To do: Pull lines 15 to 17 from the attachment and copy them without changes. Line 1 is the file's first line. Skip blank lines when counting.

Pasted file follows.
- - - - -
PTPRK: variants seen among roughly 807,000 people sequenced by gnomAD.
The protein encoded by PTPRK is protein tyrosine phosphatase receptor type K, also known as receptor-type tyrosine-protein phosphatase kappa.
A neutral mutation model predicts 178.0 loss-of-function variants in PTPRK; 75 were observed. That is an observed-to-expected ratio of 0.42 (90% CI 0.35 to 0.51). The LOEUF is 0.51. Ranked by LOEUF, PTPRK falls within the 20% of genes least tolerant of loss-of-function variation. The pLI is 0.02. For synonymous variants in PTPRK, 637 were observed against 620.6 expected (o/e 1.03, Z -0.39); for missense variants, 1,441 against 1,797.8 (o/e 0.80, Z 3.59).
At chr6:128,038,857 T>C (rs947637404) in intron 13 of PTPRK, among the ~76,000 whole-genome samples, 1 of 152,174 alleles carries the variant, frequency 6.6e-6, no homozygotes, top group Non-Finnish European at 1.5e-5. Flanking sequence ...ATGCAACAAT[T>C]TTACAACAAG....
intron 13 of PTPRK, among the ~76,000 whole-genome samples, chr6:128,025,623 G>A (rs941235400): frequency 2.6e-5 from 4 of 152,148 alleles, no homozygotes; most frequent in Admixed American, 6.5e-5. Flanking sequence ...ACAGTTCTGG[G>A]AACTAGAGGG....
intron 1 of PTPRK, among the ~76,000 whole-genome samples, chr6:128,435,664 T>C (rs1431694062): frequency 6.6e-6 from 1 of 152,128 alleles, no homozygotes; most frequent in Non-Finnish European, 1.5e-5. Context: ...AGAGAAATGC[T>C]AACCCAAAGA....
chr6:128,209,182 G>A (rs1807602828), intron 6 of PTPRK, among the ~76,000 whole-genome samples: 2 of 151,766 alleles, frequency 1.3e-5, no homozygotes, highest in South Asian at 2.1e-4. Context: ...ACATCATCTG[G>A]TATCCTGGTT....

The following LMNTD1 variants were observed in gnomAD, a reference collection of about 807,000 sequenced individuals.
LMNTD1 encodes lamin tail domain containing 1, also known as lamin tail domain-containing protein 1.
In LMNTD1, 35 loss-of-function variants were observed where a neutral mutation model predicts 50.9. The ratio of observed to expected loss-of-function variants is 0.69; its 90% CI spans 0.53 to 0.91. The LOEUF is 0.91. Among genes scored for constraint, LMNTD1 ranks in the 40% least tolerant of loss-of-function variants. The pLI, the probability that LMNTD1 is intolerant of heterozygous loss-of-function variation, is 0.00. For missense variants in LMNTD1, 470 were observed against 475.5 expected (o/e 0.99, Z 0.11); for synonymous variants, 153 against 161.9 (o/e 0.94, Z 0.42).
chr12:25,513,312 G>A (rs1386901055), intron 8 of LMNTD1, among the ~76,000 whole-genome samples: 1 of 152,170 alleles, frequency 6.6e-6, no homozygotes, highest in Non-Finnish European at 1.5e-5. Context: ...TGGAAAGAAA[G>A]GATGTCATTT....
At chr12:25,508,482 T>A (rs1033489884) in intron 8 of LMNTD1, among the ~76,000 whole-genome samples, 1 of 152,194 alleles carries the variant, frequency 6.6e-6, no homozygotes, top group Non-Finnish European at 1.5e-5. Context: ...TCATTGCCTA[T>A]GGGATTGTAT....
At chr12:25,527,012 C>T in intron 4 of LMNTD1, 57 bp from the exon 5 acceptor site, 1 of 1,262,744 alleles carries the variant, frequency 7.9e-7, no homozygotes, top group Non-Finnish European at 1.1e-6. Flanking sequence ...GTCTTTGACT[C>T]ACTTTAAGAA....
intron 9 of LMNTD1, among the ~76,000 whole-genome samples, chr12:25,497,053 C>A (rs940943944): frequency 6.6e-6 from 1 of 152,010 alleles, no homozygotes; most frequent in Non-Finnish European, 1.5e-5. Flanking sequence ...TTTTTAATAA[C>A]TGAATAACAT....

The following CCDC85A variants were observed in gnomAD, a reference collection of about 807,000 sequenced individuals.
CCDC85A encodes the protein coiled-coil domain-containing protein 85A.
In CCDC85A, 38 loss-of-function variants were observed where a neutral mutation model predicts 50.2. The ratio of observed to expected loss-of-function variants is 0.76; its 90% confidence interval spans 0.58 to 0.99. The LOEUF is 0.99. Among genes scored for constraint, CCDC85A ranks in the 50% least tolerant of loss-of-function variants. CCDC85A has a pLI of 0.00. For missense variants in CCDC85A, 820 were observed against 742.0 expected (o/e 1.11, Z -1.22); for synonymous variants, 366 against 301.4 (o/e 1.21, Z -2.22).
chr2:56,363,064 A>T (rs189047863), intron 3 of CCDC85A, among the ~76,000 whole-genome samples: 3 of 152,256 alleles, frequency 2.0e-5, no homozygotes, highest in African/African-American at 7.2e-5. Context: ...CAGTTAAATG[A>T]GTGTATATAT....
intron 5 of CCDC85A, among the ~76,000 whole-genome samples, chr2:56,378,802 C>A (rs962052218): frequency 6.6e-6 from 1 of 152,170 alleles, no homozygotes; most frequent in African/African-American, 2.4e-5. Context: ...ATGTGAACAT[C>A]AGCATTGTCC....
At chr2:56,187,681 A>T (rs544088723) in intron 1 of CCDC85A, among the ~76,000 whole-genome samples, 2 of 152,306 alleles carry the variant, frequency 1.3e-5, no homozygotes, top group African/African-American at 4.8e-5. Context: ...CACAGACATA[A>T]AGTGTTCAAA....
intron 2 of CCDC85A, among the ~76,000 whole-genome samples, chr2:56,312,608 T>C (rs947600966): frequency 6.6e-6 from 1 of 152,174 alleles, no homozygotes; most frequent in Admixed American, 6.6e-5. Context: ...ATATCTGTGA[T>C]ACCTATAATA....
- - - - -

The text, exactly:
The following CCDC85A variants were observed in gnomAD, a reference collection of about 807,000 sequenced individuals.
CCDC85A encodes the protein coiled-coil domain-containing protein 85A.
In CCDC85A, 38 loss-of-function variants were observed where a neutral mutation model predicts 50.2. The ratio of observed to expected loss-of-function variants is 0.76; its 90% confidence interval spans 0.58 to 0.99. The LOEUF is 0.99. Among genes scored for constraint, CCDC85A ranks in the 50% least tolerant of loss-of-function variants. CCDC85A has a pLI of 0.00. For missense variants in CCDC85A, 820 were observed against 742.0 expected (o/e 1.11, Z -1.22); for synonymous variants, 366 against 301.4 (o/e 1.21, Z -2.22).